Harry Potter is a Classic

Powerful Essays

What makes a book a classic? What is it about a book that will have

generation after generation reading it? English Literature majors

could spend hours theorizing the answers to this question. One series of

texts that has received publicity and wide-spread acclaim over the past

seven years is the Harry Potter collection. J.K. Rowling could never have

possibly imagined how her little book about a boy with broken glasses and

a scar on his forehead would impact world culture. Yet today, we all discuss

the “Harry Potter phenomenon” and how adults and children alike can

enjoy the books. But my question is this: Will Harry Potter become a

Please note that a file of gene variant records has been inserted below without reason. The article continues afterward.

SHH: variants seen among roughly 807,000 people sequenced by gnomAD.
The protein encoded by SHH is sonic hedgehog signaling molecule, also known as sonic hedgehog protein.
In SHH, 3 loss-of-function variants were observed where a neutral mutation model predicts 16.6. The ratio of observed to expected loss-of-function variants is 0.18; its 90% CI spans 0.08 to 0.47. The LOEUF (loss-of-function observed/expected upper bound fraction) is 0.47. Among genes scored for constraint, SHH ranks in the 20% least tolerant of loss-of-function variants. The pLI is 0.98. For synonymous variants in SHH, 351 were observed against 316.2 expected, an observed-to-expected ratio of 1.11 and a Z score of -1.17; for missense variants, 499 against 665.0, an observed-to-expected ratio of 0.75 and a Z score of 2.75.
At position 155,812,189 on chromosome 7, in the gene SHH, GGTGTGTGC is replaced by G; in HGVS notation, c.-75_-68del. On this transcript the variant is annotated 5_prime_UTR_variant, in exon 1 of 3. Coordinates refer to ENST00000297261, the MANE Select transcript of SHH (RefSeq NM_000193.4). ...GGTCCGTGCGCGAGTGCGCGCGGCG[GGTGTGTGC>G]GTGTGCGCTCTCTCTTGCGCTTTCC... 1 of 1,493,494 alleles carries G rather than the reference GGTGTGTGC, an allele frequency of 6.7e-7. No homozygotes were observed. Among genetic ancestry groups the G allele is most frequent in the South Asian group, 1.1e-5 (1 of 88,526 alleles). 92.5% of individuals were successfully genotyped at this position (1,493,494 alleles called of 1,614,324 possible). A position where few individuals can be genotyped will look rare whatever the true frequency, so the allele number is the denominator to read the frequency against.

beloved classic like The Chronicles of Narnia or Great Expectations? Does

Harry Potter have what it takes to be worthwhile to teach in schools, or is

it just a temporary fad that individuals will look back on and remark: “Oh

yeah, I remember when those books were popular?”

The Merriam-Webster Dictionary defines “classic” as “a work of

enduring excellence.” Harry Potter’s popularity has lasted since 1998, when

the first book came out. Granted Harry Potter is a series, but seven years is

a long time for a book or literary piece to hold an entire world’s attention.

American citizens become tired of a television series after only a few

months. Though popularity doesn’t equal classic, it doesn’t mean that the

Harry Potter series lacks the serious literary elements to be a classic. Shaun

Johnson comments: “I dismissed the validity of said literature based on its

resounding popularity. I had also grown cynical about popular culture; it

was my understanding that most things therein could only be trusted for

false sensationalism and no...

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... Marketing and the Translation of J.K.

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